By Jon Schumacher
Regulatory requirements have become increasingly stringent across nearly every industry in North America. Perhaps no sphere has felt the impact of these tightened standards more than pharmaceutical and food manufacturing. While some regulations are created in response to new technology, equipment and processes, these industries have often needed to become more sophisticated to keep up with regulations. A prime example of this can be seen in the ongoing improvements in door and wall products specified for cleanroom and wash-down applications.
Cleanrooms are essential in contamination control for processes in the pharmaceutical and food industries. In fact, planning for these particular spaces has evolved into a specific area of industrial design. The primary challenge for these designers is keeping contaminants generated by people, processes, facilities, and equipment from being suspended in the air. Since prevention is more effective than diminishing an existing problem, one of the best ways to minimize contamination is to stop contaminants from ever entering the room in the first place.
The function of cleanrooms is to create environments that maintain an extremely low level of environmental pollutants such as dust, airborne microbes, aerosol particles, and chemical vapours. Every cleanroom has a controlled level of contamination specified by the number of particles per cubic metre at a specified particle size.
To give perspective, the ambient outside air in a typical city contains 35 million particles per cubic metre in the range of 0.5 μm (0.02 mils) and larger in diameter, corresponding to an ISO 9 cleanroom (per ISO 14644-1, Cleanrooms and Associated Controlled Environments−Part 1: Classification of Air Cleanliness by Particle Concentration), while an ISO 1 cleanroom allows no particles in that size range and only 12 particles per cubic metre of 0.3 μm (0.01 mils) and smaller.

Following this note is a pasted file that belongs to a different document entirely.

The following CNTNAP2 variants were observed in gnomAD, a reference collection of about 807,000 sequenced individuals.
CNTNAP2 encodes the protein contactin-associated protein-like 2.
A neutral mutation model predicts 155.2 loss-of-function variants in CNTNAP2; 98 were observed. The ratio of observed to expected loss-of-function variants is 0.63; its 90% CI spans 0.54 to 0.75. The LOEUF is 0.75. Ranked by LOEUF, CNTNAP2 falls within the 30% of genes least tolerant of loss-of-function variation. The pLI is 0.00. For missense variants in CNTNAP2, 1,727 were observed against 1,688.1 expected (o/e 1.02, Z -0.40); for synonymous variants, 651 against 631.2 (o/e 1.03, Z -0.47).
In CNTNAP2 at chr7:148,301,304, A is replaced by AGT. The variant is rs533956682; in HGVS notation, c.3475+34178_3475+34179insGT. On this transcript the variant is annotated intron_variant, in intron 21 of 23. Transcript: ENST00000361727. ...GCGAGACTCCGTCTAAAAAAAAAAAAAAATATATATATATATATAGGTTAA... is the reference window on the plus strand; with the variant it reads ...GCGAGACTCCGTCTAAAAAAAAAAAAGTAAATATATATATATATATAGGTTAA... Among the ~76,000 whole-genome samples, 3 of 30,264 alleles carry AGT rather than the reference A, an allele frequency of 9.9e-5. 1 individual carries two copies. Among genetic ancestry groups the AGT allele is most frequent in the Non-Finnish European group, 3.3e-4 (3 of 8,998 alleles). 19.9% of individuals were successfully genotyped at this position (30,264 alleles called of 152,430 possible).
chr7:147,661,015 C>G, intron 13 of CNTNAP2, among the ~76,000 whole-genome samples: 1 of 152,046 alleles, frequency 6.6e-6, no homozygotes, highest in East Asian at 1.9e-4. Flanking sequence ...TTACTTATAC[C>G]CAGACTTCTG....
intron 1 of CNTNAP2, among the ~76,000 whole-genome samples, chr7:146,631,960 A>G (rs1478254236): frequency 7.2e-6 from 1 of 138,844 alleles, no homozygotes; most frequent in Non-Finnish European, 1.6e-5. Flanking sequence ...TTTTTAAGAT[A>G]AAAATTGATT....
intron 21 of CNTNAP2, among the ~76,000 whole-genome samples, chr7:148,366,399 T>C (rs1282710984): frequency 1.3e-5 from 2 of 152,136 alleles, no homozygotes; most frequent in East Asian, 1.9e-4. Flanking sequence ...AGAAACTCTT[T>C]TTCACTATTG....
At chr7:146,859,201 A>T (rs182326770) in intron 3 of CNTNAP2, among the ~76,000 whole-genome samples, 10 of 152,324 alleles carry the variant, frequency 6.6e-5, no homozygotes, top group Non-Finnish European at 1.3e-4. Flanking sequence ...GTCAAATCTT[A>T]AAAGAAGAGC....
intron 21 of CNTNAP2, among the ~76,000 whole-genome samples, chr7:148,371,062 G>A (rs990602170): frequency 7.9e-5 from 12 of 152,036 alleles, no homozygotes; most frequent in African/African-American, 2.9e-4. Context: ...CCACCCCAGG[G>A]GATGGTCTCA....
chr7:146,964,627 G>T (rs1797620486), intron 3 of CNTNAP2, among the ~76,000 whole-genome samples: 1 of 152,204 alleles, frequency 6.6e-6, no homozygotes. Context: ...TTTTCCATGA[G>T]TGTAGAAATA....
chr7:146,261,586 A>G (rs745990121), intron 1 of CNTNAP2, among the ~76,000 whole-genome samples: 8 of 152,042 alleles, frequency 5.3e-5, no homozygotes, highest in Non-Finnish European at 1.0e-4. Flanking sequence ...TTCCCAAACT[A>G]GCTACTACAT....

The pharmaceutical industry generally requires ISO 6 to 8. These levels of cleanrooms play a crucial role in the manufacturing of products required to be free from microbial and particulate contamination and protected from moisture. Regulations in the food industry are not quite as stringent as the pharmaceutical industry with respect to the particulates range, but clean areas and wash-down walls are equally important in the prevention of contamination.
In these industries, doors and walls play an essential role in maintaining clean operations and product integrity. High-performance fabric doors (also known as ‘industrial curtains’) fit virtually anywhere and are uniquely designed to address the need for environmental control, productivity, safety, and cleanliness. They are used not only to prevent cross-contamination, but also to aid in maintaining correct room pressures, air circulation rates, and ensuring optimal operating efficiency.
While anti-microbial walls have always been important in segmenting environments, there is a growing use of flexible, industrial fabric walls for applications subject to wash-down protocols. They are quicker, easier, and less expensive to install than traditional construction. The assemblies also offer an additional benefit in that they can be moved or reconfigured to satisfy future changes in the process or floor plan. (For more on these assemblies, see this author’s previous Construction Canada article in the June 2015 issue by visiting www.constructioncanada.net/understanding-high-speed-doors-and-industrial-curtains.)